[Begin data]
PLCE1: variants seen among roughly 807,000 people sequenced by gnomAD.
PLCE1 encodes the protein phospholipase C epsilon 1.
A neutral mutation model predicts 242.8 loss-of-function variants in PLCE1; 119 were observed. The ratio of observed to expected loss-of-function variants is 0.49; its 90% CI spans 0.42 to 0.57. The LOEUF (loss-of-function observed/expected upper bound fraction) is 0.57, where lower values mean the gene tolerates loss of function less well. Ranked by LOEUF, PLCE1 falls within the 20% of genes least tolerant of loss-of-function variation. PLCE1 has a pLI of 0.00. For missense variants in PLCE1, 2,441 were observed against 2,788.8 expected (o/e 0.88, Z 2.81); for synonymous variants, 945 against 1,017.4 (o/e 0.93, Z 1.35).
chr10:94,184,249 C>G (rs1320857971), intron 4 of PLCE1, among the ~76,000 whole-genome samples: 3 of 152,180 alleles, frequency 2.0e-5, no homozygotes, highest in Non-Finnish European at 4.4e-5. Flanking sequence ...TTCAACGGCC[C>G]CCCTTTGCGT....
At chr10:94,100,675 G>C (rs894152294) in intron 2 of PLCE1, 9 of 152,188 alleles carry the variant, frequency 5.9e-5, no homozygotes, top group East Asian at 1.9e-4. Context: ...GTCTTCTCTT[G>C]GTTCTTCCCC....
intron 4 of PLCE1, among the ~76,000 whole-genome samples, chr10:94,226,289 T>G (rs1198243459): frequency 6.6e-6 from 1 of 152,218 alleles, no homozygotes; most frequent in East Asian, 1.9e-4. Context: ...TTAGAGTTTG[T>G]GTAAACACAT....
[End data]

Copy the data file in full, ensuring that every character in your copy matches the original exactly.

PLCE1: variants seen among roughly 807,000 people sequenced by gnomAD.
PLCE1 encodes the protein phospholipase C epsilon 1.
A neutral mutation model predicts 242.8 loss-of-function variants in PLCE1; 119 were observed. The ratio of observed to expected loss-of-function variants is 0.49; its 90% CI spans 0.42 to 0.57. The LOEUF (loss-of-function observed/expected upper bound fraction) is 0.57, where lower values mean the gene tolerates loss of function less well. Ranked by LOEUF, PLCE1 falls within the 20% of genes least tolerant of loss-of-function variation. PLCE1 has a pLI of 0.00. For missense variants in PLCE1, 2,441 were observed against 2,788.8 expected (o/e 0.88, Z 2.81); for synonymous variants, 945 against 1,017.4 (o/e 0.93, Z 1.35).
chr10:94,184,249 C>G (rs1320857971), intron 4 of PLCE1, among the ~76,000 whole-genome samples: 3 of 152,180 alleles, frequency 2.0e-5, no homozygotes, highest in Non-Finnish European at 4.4e-5. Flanking sequence ...TTCAACGGCC[C>G]CCCTTTGCGT....
At chr10:94,100,675 G>C (rs894152294) in intron 2 of PLCE1, 9 of 152,188 alleles carry the variant, frequency 5.9e-5, no homozygotes, top group East Asian at 1.9e-4. Context: ...GTCTTCTCTT[G>C]GTTCTTCCCC....
intron 4 of PLCE1, among the ~76,000 whole-genome samples, chr10:94,226,289 T>G (rs1198243459): frequency 6.6e-6 from 1 of 152,218 alleles, no homozygotes; most frequent in East Asian, 1.9e-4. Context: ...TTAGAGTTTG[T>G]GTAAACACAT....